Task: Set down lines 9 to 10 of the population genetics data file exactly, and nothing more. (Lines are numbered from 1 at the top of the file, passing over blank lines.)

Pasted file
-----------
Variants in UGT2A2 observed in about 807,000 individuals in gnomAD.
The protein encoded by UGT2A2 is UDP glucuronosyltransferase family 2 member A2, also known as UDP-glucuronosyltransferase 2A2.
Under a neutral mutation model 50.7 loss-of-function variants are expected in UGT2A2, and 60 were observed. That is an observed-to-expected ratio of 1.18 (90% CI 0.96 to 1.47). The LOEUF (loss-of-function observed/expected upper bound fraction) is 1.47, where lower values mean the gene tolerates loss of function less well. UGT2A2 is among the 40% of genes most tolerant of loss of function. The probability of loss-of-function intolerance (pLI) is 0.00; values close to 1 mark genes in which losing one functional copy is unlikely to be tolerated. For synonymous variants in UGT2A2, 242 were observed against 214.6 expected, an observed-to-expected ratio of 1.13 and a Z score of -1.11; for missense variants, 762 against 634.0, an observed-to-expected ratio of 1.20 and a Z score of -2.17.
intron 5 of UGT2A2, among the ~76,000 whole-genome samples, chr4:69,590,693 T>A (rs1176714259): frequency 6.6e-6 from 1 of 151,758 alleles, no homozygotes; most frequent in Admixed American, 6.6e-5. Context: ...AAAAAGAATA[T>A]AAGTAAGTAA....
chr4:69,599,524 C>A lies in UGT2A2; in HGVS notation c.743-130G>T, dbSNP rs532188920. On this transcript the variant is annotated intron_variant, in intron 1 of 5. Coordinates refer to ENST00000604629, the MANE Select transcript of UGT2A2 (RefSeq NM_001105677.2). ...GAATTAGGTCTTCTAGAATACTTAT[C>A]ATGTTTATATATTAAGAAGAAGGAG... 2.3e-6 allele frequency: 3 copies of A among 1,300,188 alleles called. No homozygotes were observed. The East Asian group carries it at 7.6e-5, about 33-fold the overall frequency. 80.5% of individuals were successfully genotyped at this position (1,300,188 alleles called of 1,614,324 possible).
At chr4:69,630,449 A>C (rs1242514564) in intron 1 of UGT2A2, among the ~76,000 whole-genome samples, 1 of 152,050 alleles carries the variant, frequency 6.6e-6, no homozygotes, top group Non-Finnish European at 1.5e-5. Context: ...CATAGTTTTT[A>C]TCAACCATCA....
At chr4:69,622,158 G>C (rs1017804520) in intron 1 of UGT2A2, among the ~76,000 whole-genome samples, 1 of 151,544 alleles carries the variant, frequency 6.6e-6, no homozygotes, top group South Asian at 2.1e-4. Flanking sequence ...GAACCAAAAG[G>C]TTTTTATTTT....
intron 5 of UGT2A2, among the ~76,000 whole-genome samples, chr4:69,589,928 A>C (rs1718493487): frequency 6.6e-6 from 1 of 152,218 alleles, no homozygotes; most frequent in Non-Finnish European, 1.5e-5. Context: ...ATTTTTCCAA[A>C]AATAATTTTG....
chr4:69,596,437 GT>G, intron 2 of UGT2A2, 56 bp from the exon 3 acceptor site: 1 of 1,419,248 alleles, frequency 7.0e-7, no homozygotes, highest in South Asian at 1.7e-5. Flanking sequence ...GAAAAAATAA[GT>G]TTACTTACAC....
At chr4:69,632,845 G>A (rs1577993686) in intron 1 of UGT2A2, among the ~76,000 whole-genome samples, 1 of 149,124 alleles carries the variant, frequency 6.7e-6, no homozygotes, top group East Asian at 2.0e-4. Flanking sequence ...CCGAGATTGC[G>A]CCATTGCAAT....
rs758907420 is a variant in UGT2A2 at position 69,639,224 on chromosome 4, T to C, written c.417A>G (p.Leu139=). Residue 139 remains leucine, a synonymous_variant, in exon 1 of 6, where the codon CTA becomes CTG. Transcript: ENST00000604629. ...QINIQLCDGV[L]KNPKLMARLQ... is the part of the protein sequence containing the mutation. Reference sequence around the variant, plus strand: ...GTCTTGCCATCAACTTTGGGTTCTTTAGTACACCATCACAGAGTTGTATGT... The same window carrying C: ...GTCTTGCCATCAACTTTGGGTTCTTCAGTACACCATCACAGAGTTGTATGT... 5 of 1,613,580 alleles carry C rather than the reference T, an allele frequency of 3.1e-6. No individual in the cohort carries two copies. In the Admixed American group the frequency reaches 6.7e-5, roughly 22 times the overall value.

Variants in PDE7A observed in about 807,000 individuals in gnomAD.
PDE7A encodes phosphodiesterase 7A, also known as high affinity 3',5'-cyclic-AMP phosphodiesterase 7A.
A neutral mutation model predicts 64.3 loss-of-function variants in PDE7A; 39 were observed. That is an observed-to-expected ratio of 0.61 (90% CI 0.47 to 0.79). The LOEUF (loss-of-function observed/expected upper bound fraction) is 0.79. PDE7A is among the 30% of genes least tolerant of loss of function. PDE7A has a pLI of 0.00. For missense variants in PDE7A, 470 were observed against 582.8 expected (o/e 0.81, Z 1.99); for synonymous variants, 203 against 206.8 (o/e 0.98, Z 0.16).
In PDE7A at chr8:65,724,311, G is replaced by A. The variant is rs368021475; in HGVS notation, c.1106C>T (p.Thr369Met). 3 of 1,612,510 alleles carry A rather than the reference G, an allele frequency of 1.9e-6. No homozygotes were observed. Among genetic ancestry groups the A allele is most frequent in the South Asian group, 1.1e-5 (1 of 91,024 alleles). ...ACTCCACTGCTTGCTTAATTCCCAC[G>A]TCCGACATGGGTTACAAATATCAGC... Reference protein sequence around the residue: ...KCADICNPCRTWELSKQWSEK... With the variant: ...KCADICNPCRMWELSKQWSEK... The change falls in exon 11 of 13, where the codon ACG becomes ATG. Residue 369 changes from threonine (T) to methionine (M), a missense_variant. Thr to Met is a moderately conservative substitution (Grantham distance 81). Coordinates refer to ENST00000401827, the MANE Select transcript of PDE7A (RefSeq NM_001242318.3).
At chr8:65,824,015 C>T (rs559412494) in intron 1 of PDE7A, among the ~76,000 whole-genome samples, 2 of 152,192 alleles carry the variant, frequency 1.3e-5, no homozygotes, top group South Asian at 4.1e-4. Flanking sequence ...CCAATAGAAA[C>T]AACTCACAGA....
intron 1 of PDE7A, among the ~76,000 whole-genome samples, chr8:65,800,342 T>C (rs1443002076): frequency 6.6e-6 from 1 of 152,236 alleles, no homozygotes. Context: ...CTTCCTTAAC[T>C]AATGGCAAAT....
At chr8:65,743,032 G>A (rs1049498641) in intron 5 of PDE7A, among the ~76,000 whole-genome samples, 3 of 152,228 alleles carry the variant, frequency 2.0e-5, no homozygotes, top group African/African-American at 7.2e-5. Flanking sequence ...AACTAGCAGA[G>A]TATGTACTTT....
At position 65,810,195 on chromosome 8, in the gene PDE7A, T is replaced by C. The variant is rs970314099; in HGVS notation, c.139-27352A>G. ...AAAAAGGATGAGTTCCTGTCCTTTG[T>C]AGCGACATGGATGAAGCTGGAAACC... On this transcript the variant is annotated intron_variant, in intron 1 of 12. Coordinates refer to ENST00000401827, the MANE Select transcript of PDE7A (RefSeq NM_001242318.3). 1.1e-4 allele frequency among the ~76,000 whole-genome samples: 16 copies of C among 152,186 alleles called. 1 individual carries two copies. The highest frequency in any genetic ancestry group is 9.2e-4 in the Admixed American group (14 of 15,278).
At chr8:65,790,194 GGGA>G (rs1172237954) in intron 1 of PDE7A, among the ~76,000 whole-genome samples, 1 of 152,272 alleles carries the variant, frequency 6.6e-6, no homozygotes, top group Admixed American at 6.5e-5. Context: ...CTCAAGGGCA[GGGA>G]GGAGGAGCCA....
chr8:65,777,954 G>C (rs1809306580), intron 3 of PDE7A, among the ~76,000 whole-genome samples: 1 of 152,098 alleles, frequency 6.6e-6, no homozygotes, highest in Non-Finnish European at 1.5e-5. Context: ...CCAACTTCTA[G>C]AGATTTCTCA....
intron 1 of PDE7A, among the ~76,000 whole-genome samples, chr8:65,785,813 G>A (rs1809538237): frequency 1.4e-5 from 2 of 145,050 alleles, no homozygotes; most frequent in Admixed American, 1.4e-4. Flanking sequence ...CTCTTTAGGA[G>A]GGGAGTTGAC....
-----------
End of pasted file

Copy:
chr4:69,596,437 GT>G, intron 2 of UGT2A2, 56 bp from the exon 3 acceptor site: 1 of 1,419,248 alleles, frequency 7.0e-7, no homozygotes, highest in South Asian at 1.7e-5. Flanking sequence ...GAAAAAATAA[GT>G]TTACTTACAC....
At chr4:69,632,845 G>A (rs1577993686) in intron 1 of UGT2A2, among the ~76,000 whole-genome samples, 1 of 149,124 alleles carries the variant, frequency 6.7e-6, no homozygotes, top group East Asian at 2.0e-4. Flanking sequence ...CCGAGATTGC[G>A]CCATTGCAAT....